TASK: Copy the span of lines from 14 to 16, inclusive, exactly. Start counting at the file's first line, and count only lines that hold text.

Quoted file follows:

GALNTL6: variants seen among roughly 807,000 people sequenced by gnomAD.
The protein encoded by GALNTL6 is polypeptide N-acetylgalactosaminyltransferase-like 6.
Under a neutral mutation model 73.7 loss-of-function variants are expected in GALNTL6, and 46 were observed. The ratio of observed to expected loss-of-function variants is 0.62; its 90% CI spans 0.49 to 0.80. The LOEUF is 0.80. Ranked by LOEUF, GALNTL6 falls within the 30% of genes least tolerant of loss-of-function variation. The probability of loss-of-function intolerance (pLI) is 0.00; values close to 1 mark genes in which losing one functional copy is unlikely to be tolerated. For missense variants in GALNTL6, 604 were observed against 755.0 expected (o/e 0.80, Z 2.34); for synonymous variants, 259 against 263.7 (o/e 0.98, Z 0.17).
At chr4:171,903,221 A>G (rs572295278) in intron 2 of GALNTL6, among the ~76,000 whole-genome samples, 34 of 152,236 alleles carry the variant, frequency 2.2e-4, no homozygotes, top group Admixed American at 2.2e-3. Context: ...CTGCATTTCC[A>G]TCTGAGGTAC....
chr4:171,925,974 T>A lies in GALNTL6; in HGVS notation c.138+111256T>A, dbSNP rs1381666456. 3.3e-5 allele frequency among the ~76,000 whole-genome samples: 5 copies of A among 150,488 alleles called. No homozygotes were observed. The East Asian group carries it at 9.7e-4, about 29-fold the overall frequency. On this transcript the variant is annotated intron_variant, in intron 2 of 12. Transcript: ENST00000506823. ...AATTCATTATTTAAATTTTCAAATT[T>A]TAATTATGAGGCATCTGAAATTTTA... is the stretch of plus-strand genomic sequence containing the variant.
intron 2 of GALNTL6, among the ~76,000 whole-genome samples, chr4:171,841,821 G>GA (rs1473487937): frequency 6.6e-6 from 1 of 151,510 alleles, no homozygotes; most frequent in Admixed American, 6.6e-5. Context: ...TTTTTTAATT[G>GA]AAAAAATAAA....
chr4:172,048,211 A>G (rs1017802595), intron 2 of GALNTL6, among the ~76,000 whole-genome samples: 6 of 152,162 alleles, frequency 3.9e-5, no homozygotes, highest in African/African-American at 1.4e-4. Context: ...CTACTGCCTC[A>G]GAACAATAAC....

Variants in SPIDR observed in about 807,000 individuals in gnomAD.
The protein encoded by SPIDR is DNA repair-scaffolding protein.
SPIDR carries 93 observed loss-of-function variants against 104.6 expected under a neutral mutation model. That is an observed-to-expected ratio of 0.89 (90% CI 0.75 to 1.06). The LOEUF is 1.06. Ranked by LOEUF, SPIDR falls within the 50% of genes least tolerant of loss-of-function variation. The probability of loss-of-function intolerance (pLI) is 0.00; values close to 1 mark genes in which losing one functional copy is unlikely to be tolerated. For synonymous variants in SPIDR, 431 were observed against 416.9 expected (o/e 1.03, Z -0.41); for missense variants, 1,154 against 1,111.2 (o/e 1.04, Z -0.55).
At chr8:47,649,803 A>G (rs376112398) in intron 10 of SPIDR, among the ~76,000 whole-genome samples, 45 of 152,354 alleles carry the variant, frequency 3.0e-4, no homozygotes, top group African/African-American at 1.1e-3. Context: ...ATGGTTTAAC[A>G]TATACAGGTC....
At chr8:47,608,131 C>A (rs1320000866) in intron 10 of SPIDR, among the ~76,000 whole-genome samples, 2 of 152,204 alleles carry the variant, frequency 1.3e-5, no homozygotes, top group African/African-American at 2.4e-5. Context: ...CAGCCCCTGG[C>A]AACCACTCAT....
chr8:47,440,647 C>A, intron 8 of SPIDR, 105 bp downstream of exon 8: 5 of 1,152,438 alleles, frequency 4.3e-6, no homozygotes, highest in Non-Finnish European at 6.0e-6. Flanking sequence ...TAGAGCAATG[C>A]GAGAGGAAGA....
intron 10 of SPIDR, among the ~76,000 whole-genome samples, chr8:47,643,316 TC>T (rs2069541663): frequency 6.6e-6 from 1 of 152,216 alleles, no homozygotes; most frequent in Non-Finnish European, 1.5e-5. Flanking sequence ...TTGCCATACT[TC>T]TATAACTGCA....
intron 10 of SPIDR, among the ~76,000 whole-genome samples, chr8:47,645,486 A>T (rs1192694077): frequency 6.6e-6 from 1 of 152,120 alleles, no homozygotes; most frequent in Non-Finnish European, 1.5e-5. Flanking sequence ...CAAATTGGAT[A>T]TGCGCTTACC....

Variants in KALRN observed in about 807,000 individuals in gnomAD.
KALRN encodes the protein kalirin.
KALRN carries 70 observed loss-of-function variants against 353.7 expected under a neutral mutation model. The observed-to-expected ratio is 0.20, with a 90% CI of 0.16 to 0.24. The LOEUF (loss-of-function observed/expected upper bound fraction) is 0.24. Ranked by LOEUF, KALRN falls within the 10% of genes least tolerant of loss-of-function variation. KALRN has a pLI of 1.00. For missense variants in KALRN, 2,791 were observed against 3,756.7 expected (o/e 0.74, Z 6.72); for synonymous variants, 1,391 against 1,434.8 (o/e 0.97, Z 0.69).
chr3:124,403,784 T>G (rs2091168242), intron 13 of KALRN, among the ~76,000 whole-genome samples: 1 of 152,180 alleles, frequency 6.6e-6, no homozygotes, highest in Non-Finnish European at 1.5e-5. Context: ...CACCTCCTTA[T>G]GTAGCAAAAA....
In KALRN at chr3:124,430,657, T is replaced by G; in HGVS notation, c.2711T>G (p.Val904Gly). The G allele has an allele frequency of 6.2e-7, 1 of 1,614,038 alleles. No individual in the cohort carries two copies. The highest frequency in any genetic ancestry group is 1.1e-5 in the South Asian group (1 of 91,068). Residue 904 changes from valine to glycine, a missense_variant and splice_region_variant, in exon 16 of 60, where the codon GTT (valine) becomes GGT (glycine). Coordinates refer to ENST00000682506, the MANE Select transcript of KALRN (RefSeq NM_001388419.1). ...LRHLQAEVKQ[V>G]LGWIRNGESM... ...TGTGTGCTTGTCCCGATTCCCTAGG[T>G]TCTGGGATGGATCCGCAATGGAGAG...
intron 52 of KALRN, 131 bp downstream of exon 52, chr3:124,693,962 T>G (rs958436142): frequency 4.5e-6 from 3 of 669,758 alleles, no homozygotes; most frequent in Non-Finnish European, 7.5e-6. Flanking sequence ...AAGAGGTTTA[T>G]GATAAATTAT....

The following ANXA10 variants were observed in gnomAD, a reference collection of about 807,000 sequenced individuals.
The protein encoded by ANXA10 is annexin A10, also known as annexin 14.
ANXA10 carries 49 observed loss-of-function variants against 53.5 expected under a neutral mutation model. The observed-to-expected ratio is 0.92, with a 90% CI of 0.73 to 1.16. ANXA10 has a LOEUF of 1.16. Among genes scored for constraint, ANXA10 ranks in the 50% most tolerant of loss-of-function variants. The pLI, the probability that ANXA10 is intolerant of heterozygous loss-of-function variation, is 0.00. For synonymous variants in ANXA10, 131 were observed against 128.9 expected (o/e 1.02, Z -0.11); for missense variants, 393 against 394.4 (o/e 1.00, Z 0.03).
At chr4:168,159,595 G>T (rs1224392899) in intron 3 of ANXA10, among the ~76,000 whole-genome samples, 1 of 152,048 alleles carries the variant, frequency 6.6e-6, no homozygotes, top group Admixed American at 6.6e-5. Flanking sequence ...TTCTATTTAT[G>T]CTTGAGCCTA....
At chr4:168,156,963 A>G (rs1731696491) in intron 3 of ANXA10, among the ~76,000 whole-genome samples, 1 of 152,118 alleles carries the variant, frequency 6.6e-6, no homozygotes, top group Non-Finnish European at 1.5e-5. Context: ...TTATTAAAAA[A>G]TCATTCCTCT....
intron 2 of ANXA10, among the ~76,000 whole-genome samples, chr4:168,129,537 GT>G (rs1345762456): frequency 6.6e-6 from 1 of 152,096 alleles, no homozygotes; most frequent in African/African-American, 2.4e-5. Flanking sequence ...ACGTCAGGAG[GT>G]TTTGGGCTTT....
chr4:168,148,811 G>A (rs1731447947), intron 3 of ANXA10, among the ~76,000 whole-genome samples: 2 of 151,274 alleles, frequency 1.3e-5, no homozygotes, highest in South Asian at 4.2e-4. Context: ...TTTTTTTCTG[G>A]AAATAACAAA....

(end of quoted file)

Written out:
intron 10 of SPIDR, among the ~76,000 whole-genome samples, chr8:47,643,316 TC>T (rs2069541663): frequency 6.6e-6 from 1 of 152,216 alleles, no homozygotes; most frequent in Non-Finnish European, 1.5e-5. Flanking sequence ...TTGCCATACT[TC>T]TATAACTGCA....
intron 10 of SPIDR, among the ~76,000 whole-genome samples, chr8:47,645,486 A>T (rs1192694077): frequency 6.6e-6 from 1 of 152,120 alleles, no homozygotes; most frequent in Non-Finnish European, 1.5e-5. Flanking sequence ...CAAATTGGAT[A>T]TGCGCTTACC....

Variants in KALRN observed in about 807,000 individuals in gnomAD.